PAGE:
Meghan Cox Gurdon, writer for WSJ.com, just pissed off a lot of librarians, English teachers, and proponents of teen readers everywhere. Her June 4th article titled Darkness Too Visible takes on the issue of the seriousness/darkness/violence of young adult literature. (Seriously, do these non-YA-readers never learn?)
My issues with this article:
“But whether it’s language that parents want their children reading is another question.” and “It is of course understood to be an act of literary heroism to stand against any constraints, no matter the age of one’s readers.” No and no. It is not a badge of honor amongst book-pushers to sell kids on the most curse-word riddled texts. It is not my mission to give teens the most graphic, bloody, sexual novels on the market. It is my job – nay, my duty – to find the best book for each teen that comes to me for a book suggestion. If that means Diary of a Wimpy Kid instead of Staying Fat for Sarah Byrnes, then so be it. If that means choosing a fun rom-com like Sarah Dessen over a gut-wrenching Laurie Halse Anderson, then fine! I have learned to analyze the reader’s likes, dislikes, past reads, and overall demeanor, and then make a suggestion.
So, Ms. Gurdon, you are wrong. While there are numerous dystopian/sexual deviant/drugged-up books, there are plenty of perfectly pleasant novels that are just plain nice. See The Big Crunch by Pete Hautman.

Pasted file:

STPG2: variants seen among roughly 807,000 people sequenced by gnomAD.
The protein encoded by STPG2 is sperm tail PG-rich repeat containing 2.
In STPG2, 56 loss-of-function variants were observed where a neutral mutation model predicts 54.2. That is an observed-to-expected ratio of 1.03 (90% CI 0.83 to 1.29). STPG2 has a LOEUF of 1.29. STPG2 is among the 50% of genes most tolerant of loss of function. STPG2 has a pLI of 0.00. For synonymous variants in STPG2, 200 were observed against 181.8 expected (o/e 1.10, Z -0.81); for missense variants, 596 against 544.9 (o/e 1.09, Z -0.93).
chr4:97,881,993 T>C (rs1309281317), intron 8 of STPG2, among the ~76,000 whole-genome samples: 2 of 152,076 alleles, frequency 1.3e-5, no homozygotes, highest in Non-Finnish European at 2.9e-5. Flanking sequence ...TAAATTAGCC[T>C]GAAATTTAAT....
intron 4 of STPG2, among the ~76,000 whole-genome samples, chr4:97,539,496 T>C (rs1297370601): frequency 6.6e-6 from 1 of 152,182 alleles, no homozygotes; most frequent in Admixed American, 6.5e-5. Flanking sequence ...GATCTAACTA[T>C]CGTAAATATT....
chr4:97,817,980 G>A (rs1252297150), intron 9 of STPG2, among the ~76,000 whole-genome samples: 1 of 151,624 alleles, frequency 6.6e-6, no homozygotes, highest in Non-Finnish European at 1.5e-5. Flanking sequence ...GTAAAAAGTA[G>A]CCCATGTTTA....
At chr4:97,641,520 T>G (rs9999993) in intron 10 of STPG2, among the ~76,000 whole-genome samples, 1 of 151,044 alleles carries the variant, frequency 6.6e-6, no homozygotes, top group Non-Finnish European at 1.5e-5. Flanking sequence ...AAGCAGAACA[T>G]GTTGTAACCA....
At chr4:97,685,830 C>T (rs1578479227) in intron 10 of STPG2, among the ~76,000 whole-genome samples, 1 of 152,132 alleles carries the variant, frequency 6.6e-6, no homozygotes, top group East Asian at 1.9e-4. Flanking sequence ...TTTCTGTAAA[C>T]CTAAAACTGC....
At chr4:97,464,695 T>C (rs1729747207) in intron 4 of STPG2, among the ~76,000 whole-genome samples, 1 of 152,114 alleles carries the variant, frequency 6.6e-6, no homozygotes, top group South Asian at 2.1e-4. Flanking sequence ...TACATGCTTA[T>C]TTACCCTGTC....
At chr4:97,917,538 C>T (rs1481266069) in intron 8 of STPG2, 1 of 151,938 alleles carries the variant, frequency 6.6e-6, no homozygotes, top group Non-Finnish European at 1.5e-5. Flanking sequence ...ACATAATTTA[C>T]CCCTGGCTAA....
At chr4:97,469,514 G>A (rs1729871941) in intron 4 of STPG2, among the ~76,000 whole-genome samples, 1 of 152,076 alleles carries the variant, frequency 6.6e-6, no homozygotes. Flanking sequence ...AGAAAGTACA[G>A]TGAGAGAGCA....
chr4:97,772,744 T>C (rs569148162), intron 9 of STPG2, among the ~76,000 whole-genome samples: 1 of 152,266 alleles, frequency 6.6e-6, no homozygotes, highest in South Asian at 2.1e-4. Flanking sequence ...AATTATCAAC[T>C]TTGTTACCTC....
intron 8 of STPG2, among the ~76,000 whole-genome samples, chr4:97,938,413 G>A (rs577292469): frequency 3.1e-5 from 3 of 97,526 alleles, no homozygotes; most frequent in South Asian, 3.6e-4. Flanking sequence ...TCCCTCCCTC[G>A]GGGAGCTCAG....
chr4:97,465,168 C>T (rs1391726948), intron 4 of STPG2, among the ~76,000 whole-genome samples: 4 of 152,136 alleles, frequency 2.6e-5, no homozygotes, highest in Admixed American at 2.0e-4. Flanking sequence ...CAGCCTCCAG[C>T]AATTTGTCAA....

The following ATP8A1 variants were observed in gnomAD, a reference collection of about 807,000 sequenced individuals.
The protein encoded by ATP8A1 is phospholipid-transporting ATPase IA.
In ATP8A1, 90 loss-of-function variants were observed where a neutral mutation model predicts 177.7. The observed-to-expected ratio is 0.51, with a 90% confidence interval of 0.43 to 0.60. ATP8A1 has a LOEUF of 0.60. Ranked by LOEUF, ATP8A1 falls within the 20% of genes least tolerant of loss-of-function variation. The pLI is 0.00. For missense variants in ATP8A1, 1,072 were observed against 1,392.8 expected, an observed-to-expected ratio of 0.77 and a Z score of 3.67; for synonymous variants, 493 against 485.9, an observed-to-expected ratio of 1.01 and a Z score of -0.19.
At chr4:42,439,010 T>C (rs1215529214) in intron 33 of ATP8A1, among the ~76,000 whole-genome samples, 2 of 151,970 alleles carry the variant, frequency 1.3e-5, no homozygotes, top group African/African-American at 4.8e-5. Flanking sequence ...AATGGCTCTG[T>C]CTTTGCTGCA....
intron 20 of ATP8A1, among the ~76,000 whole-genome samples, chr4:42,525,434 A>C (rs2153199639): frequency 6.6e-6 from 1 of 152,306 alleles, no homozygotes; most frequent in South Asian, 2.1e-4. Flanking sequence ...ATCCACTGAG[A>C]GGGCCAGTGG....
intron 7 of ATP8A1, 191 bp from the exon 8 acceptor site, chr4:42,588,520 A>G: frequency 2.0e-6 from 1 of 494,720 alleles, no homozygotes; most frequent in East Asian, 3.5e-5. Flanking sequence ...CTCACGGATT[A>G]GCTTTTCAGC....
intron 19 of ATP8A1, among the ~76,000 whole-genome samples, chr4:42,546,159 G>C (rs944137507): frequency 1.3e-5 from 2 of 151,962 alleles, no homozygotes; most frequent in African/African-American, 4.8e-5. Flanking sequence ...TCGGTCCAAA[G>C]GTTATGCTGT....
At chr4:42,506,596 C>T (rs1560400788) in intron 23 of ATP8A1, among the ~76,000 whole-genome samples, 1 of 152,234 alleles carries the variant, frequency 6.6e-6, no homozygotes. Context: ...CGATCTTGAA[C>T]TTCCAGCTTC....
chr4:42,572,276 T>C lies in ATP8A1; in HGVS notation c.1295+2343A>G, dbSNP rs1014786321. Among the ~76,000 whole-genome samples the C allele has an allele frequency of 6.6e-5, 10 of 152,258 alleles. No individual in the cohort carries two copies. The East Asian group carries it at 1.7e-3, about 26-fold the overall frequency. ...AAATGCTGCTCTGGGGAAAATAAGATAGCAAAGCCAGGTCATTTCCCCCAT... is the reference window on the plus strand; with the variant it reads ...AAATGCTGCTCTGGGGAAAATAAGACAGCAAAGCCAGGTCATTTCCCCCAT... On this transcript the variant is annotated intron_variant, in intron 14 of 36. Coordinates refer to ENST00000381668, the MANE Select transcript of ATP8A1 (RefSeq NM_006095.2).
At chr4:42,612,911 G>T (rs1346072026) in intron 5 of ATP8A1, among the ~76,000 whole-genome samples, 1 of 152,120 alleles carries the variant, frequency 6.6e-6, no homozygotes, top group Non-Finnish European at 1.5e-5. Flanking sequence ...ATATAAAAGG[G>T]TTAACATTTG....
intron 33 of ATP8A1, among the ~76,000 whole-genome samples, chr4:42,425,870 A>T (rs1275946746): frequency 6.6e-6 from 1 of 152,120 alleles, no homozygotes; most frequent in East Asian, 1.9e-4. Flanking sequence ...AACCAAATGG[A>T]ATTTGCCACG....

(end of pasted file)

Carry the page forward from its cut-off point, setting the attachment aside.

“No family is obliged to acquiesce when publishers use the vehicle of fundamental free-expression principles to try to bulldoze coarseness or misery into their children’s lives.” <- Is a horrible sentence, you pretentious non-reader.
Gurdon points out that the historical equivalent to today’s YA novels is Judy Blume. Quick poll here, readers…were you between the ages of 12-18 when you read Judy Blume? No, no you were not. You were probably no more than 10. I hate when non-readers push Judy Blume as the quintessential YA novelist. No she isn’t! She is a fine author, but her stories do not resonate with today’s teenagers who are used to the “aesthetic coarseness” they get from video games, music, and movies. The very games, music, and movies that their parents supply them with (or they play on the gaming system/iPod/TV that their parents supplied them with). So Ms. Gurdon, if you want to take on this horrid literature, why don’t you turn it around on the parents?
Which brings me to my next point…I read Sidney Sheldon when I was 14. Sex, mystery, intrigue. That is nothing like Alexie’s The Absolutely True Diary of a Part-time Indian, a great true-story about a young Native American boy who was relentlessly picked on, both on the res as well as at the public school he was privileged to attend after the teacher on the res got him accepted to the public institution. Bullying, family problems, soul-searching, a love story…an incredible, award-winning book. Not smut. No acceptable drug use. Get off YA lit, woman! Leave the analyzing and suggesting and book-talking to those of us who KNOW the literature and who don’t have some hidden mommy-censorship agenda.
Luckily, there are librarians who turn something negative into something great. Take Alethea, for example, who made this Goodreads list titled YA Saves. Yes, it is full of the graphic books Gurdon was talking about, but that’s okay…because they are good books! Despite anyone’s opinion as to whether they are appropriate for teens or not, they are well-written books that deserve to be read.